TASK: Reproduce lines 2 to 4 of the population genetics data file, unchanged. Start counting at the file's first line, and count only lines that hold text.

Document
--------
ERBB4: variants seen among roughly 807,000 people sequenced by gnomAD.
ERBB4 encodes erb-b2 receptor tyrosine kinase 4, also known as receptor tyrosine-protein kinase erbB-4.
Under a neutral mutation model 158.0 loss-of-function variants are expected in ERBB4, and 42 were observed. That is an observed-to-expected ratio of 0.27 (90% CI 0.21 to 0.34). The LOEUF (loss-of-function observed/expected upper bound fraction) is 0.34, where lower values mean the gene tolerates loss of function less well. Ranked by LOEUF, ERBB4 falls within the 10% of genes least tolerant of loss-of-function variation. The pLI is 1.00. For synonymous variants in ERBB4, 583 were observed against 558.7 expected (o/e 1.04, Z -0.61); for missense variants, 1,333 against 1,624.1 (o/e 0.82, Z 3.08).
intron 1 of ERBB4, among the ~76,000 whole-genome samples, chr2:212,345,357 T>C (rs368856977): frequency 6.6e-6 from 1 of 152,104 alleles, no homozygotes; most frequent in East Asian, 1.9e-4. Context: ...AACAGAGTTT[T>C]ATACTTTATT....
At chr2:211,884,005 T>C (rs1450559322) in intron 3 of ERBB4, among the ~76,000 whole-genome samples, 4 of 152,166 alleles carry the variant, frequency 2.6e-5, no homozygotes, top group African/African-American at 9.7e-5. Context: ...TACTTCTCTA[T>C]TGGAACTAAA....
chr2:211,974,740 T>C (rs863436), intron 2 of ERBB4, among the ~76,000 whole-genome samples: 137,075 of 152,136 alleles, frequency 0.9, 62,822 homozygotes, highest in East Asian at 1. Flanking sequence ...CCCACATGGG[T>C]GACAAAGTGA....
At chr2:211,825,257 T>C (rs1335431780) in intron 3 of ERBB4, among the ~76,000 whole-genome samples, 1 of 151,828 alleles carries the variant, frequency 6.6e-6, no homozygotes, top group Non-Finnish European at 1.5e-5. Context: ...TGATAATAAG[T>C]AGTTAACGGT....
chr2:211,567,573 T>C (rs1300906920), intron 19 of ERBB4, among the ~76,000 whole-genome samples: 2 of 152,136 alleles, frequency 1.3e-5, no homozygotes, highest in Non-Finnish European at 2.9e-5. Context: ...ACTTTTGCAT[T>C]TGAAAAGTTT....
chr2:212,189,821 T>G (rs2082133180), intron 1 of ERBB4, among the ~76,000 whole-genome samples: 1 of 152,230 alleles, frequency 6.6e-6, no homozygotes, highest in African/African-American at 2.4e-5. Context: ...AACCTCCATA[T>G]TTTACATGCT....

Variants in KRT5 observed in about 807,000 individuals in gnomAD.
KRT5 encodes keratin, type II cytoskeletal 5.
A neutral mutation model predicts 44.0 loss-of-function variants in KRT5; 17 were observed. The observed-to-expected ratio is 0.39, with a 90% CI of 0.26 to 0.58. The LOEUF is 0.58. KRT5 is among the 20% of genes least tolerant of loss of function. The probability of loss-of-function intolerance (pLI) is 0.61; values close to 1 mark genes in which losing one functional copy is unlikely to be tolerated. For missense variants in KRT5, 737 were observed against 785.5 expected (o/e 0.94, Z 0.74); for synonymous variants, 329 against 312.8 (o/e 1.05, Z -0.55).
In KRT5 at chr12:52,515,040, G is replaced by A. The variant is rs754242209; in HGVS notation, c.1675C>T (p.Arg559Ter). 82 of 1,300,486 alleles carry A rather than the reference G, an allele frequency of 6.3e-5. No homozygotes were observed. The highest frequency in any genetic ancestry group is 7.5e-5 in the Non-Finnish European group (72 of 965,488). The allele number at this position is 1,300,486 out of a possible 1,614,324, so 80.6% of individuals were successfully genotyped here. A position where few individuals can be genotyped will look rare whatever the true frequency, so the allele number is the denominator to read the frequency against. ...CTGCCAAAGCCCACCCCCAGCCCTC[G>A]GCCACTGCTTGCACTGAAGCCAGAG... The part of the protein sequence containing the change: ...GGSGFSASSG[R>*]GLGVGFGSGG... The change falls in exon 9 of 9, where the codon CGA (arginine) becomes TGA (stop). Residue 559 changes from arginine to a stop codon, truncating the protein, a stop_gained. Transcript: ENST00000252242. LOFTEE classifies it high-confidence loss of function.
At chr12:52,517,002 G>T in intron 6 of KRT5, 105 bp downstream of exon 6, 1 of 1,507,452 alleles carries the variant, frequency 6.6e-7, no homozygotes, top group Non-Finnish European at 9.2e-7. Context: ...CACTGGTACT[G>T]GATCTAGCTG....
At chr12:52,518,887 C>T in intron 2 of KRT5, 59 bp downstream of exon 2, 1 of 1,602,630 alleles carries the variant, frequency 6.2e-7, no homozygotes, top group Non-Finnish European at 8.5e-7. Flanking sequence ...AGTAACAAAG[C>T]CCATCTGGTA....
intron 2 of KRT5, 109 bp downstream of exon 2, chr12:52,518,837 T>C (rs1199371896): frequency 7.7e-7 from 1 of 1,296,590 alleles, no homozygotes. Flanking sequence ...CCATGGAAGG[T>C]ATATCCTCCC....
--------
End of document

ERBB4 encodes erb-b2 receptor tyrosine kinase 4, also known as receptor tyrosine-protein kinase erbB-4.
Under a neutral mutation model 158.0 loss-of-function variants are expected in ERBB4, and 42 were observed. That is an observed-to-expected ratio of 0.27 (90% CI 0.21 to 0.34). The LOEUF (loss-of-function observed/expected upper bound fraction) is 0.34, where lower values mean the gene tolerates loss of function less well. Ranked by LOEUF, ERBB4 falls within the 10% of genes least tolerant of loss-of-function variation. The pLI is 1.00. For synonymous variants in ERBB4, 583 were observed against 558.7 expected (o/e 1.04, Z -0.61); for missense variants, 1,333 against 1,624.1 (o/e 0.82, Z 3.08).
intron 1 of ERBB4, among the ~76,000 whole-genome samples, chr2:212,345,357 T>C (rs368856977): frequency 6.6e-6 from 1 of 152,104 alleles, no homozygotes; most frequent in East Asian, 1.9e-4. Context: ...AACAGAGTTT[T>C]ATACTTTATT....